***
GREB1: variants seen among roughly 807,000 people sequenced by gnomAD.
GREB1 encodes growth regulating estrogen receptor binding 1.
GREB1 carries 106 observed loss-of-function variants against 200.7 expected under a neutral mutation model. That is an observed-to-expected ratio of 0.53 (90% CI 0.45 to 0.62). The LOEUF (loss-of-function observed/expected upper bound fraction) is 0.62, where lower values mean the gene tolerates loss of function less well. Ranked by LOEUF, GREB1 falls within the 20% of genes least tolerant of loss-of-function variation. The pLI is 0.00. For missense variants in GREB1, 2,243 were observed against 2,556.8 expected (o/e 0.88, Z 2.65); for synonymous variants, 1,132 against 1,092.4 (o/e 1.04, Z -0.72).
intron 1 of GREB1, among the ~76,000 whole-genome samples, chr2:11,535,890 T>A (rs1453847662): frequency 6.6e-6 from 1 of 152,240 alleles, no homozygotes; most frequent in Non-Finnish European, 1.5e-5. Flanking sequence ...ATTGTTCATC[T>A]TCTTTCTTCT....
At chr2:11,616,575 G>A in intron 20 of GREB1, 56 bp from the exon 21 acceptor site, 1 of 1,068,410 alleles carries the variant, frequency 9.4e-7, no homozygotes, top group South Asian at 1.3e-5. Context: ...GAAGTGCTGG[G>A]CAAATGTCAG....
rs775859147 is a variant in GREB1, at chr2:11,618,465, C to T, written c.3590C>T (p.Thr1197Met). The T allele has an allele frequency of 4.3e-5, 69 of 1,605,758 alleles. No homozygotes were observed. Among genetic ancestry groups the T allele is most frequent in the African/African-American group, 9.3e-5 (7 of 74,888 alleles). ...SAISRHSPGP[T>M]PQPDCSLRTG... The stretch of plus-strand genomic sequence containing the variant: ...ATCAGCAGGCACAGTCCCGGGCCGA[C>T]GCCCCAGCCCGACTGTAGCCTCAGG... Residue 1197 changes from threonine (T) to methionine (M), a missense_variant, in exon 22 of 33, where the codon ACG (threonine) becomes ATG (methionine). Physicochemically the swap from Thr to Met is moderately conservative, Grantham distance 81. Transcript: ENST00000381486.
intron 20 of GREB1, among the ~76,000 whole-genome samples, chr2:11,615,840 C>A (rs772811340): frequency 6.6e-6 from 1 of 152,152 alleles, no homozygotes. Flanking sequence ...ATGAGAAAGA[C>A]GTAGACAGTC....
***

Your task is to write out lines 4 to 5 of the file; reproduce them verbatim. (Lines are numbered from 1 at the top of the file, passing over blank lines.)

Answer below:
intron 1 of GREB1, among the ~76,000 whole-genome samples, chr2:11,535,890 T>A (rs1453847662): frequency 6.6e-6 from 1 of 152,240 alleles, no homozygotes; most frequent in Non-Finnish European, 1.5e-5. Flanking sequence ...ATTGTTCATC[T>A]TCTTTCTTCT....
At chr2:11,616,575 G>A in intron 20 of GREB1, 56 bp from the exon 21 acceptor site, 1 of 1,068,410 alleles carries the variant, frequency 9.4e-7, no homozygotes, top group South Asian at 1.3e-5. Context: ...GAAGTGCTGG[G>A]CAAATGTCAG....